Wednesday, May 11, 2011
ACLU-NM Calls on Obama to Abandon Enforcement-Only Border Policy
Click to read President Obama's remarks (pdf) on immigration made in El Paso yesterday.
While the ACLU of New Mexico Regional Center for Border Rights is encouraged by President Obama’s remarks Tuesday putting immigration reform back on the table, concerns remain with the administration’s continued emphasis on a costly, enforcement-only model.
Since 2003, border communities have witnessed a massive increase in federal law enforcement resources along the U.S.-Mexico border. According to the ACLU, there are now almost 10 border patrol agents per mile; thousands of other federal agents and members of the National Guard; 700 miles of fencing; and at least six drones patrolling our skies, costing taxpayers billions of dollars.
The ACLU says this rapid over-intensification of federal law enforcement resources has come with little accountability and oversight and has resulted in negative consequences for people who live along the border. The ACLU-NM Regional Center for Border Rights has received increasing reports of racial profiling and harassment, particularly of Hispanic community members -- many of whom are U.S. citizens and have lived in the border region for generations.
In addition, the Center has received several reports of undocumented individuals who did not receive needed medical attention or adequate food or water while in the custody of immigration officials. Since May 2010, there have been at least seven migrants who have been seriously injured or died as the result of being shot, tasered or beaten by Border Patrol agents.
“Our national security, while critical, should never come at the expense of civil and human rights,” said Vicki Gaubeca, director of the ACLU-NM Regional Center for Border Rights. “At the very least, we need more transparency, accountability and oversight to prevent the border region from becoming a Constitution-free zone.”
In addition, President Obama needs to better account for the record-level deportations that have occurred during his term, according to the Center. In 2010, the United States deported nearly 400,000 people at a cost of $1.5 billion. According to the Department of Homeland Security statistics, almost 60 percent of the individuals who were deported were not criminals or committed only minor offenses -- which completely contradicts the administration’s emphasis on deporting “criminal aliens.”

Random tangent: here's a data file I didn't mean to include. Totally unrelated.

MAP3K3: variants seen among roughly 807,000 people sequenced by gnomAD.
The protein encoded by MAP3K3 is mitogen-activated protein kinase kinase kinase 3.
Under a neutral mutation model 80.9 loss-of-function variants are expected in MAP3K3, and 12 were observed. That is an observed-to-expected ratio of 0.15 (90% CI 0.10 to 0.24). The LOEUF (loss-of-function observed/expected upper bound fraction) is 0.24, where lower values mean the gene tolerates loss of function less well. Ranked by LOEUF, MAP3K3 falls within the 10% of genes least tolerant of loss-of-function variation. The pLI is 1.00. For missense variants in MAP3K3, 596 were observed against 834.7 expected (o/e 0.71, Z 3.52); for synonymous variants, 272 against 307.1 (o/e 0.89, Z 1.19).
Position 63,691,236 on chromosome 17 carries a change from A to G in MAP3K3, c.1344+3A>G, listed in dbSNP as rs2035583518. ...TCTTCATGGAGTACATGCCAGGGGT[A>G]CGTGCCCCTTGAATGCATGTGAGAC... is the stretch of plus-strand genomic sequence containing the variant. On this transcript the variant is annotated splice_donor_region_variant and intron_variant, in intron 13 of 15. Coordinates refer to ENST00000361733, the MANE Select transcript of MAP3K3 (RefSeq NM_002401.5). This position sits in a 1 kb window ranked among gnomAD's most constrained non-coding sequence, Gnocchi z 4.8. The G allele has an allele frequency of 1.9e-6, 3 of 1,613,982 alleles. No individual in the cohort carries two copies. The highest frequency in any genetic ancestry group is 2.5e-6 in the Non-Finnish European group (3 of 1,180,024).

“Initiatives like the so-called ‘Secure Communities’ program need to be suspended and assessed for their true effects,” adds Gaubeca. “Instead of going after serious criminals who may be a real threat to our communities, study after study confirms that these enforcement programs primarily target hard-working, honest individuals and tear families apart. We could save money and protect working families by finding a way for these individuals to become U.S. citizens, learn our language and pay taxes. Moving away from enforcement-only models would even provide a much-need boost for our economy.”
“As a country, we need a serious reality check regarding our border enforcement policies and owe it to ourselves to find sensible solutions. Spending billions of dollars on a law-enforcement-only model is wasteful and does nothing to fix the problem,” adds Gaubeca. “We need to step back and begin to truly address the larger issue of how we fix our country’s broken immigration system.”
"10 border patrol agents per mile" does not take into account the need for 24/7 survellience. So consider three 8-hour shifts, or perhaps 4 6-hour shifts, as the command centers are probably located some distance away (how many command centers per mile?). Then there's 2 days a week off per officer. I'd guess the reality is more like 2 border patrol agents per mile, if that. Let's keep the arguments honest.
Posted by: Ellen Wedum | May 15, 2011 8:59:05 PM